It felt good to vote. Too bad more of our citizens don’t exercise their right to contribute a voice in determining who is going to represent us in government. People in other lands would give their eye teeth to have an opportunity to vote in an election… any election… even a rigged one!

We complain about our government the way we complain about the weather. But there is a difference. We can do nothing about the weather; but we can do something about our government. And for every person who takes the small step and registers to vote, and then steps into the polling place, in a very important way, that person takes a step in making this a better Country.

It goes beyond being our right to vote. It is our responsibility to vote… to help shape our government.

Perhaps you remember this slogan: “Love our Country, or leave it!” Maybe try this one on for size: “On Election Day, Vote… or pack your bags and move to a place where you can’t!”

That’s enough of that. I’ll surrender the soap box to more articulate and capable voices.

Take a step thru the political hoopla… the barrage of TV commercials, nightly calls from Party ‘foot soldiers’, political junk mail galore… there still exists the beauty of the neighborhood and the town that flowers on Election Day.

I saw this in Norwalk all the years I lived there. And I saw this in Woodbury, where I cast my vote this past Tuesday. First, let me point out… by nature I am a morning person. Always have been. As a morning person I vote as early as possible. If the polls opened at 3:00AM I’d be there. Not to make a statement about being first in line or something. It’s because I like to see the volunteers fresh in their routines… and to enjoy the faces of like minded voters who prefer to get things done early.

I got to Mitchell Elementary School a few minutes before 6:00AM (usually Woodbury votes in Town Hall; but if they expect a big turn out… it moves to Mitchell). I liked that there was less activity around the polling place. In Norwalk there would have been candidates and Party workers handing out stuff, shaking hands and the like… of course this all would take place outside the 25 yards from the polling place required by law (or whatever the distance).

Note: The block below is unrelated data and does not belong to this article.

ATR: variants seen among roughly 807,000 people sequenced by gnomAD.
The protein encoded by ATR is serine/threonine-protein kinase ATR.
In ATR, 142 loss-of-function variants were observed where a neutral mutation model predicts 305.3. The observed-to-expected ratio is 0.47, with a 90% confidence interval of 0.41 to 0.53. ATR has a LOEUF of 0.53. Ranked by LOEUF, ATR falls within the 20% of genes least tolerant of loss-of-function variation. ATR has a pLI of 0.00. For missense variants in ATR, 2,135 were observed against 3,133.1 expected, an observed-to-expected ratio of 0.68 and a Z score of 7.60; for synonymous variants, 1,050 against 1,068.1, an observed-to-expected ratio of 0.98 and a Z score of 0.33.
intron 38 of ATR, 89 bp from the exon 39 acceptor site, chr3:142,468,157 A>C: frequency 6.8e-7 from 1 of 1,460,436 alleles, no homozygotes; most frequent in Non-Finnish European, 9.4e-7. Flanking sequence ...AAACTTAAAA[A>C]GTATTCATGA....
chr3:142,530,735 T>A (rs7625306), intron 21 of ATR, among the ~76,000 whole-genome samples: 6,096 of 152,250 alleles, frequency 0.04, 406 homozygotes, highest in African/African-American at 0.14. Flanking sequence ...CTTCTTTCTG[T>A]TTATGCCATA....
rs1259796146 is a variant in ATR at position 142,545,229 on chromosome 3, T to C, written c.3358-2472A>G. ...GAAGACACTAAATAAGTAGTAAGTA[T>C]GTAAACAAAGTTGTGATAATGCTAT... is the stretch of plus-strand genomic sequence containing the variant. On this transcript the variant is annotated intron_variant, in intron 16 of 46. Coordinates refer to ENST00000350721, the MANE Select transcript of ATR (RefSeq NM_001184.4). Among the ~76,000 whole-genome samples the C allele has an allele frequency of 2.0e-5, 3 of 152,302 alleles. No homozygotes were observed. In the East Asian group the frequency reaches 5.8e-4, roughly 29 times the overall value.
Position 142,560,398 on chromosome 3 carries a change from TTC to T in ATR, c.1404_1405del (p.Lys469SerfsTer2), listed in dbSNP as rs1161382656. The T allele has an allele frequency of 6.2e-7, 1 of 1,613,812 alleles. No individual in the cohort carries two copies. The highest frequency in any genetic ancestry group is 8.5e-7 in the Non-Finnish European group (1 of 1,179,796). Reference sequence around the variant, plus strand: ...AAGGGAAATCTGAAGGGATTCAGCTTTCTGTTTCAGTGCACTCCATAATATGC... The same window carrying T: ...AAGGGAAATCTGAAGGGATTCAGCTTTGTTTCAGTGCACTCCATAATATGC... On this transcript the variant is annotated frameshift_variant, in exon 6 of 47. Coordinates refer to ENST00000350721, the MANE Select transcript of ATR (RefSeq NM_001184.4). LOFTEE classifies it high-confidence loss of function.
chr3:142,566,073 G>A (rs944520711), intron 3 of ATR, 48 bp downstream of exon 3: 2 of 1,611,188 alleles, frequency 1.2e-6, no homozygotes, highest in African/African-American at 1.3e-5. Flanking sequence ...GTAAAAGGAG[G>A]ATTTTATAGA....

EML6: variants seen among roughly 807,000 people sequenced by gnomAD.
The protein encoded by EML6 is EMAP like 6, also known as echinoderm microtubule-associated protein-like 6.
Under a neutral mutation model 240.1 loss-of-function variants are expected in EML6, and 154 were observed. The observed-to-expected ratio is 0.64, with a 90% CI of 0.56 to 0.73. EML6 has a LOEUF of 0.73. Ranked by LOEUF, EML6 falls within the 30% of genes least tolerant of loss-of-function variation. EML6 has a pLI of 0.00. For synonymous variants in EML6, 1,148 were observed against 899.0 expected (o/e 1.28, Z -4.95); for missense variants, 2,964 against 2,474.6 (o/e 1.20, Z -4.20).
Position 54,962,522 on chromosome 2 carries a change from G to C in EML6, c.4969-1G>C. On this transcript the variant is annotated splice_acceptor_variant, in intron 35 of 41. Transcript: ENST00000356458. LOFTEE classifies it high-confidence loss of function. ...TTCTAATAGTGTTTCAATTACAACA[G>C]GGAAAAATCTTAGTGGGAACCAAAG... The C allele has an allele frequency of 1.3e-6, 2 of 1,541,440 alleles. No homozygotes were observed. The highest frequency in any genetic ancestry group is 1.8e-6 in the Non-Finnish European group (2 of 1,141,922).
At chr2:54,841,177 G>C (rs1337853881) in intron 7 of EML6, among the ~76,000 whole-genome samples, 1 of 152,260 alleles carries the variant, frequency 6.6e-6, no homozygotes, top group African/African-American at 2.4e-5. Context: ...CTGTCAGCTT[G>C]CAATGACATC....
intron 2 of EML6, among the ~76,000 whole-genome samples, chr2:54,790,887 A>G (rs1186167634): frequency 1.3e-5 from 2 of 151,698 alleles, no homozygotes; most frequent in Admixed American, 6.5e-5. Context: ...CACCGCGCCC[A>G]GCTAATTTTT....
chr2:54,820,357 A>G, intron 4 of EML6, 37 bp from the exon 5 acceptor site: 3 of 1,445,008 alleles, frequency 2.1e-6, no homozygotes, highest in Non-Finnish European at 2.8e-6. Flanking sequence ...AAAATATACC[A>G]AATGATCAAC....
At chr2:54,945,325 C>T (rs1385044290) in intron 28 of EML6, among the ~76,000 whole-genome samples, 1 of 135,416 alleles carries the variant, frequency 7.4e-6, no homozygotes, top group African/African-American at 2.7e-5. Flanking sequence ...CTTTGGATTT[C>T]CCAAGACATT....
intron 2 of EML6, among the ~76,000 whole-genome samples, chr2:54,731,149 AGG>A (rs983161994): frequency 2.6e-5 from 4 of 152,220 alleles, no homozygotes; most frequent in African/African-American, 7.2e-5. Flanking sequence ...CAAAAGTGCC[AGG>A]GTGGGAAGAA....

But regardless of the Town (or neighborhood), the volunteers who man the polling station are of a similar stripe. The League of Women Voters (or Brothers of the Ballot) are recruited from the ranks of the retired or soon to be retired.

There is an ease to their appearance that is totally comforting. Men in dark slacks, plaid L.L. Bean shirts… ladies in pants suits and contrasting cardigan sweaters.

Although there is a volunteer’s hospitality table with hot drinks and donuts, they bring, depending on shift, their own thermos bottles of soup or coffee… water bottles and a handful of hard sucking candies. They have a look of pleasant familiarity… their focus is on their civic duty.

Peel back the years, 50 in number say, and they were the ones who worked tireously (and without thanks) on the prom committee. You have the sense that they have been in the Town, or neighborhood, forever… that they know everybody… And if there is a strange Camry parked in front of Missy Stengl’s overnight, they know it. And now you do, too.

I am #6 in line. When I get to the table for Streets “M” to “W” there are two women seated there, and a third woman seated in a table behind. I assume that the two women in front are representatives of the major Parties, and they are there to see that the other Party does not engage in “funny stuff.”

I give my name and address, produce my driver’s license to confirm my identity… my name is located on the computer roster, crossed from the list and one of them says “408”…This is for the benefit of the third lady sitting at the table in back. I don’t know what the hell she is doing… but she so notes it. Nor do I know why I am “408”. Maybe they keep track of Democrats in Woodbury. Anyway, privately I think I deserve a higher number… or a lower number, if that’s better.

Having established that I was who I said I was to the satisfaction of all 3 election officials, I was permitted to enter one of the voting booths. Each booth was supervised by yet another volunteer.

No men are trusted to the tables. Never in all my years of voting have I ever seen a man on the tables. Booth supervisors, yes. Tables, no. Maybe retired men have circulation problems if they remained seated for too long. Or maybe this is a form of cruel gender discrimination… we make the men stand for four hour shifts. Men… or women who we don’t like… Like women who have strange Camry’s parked in front of their houses overnight.

I glance left and right… each guardian taking ownership for his or her booth… each proffering a nod and smile as a voter enters the curtained booth. I vote in good order, and when done I emerge from the booth refreshed and voted.

I am now greeted by my “guardian”… on this occasion it’s a woman (maybe she should tell the Camry to park down the street and then she would get promoted to a table)… she gives me a sticker “I have voted today”.

She gives me a smile. A smile that I treasure. I don’t care who parks in front of her house. I feel good.

I have voted. I feel a part of a community. It ain’t much, and yet it’s a whole lot.

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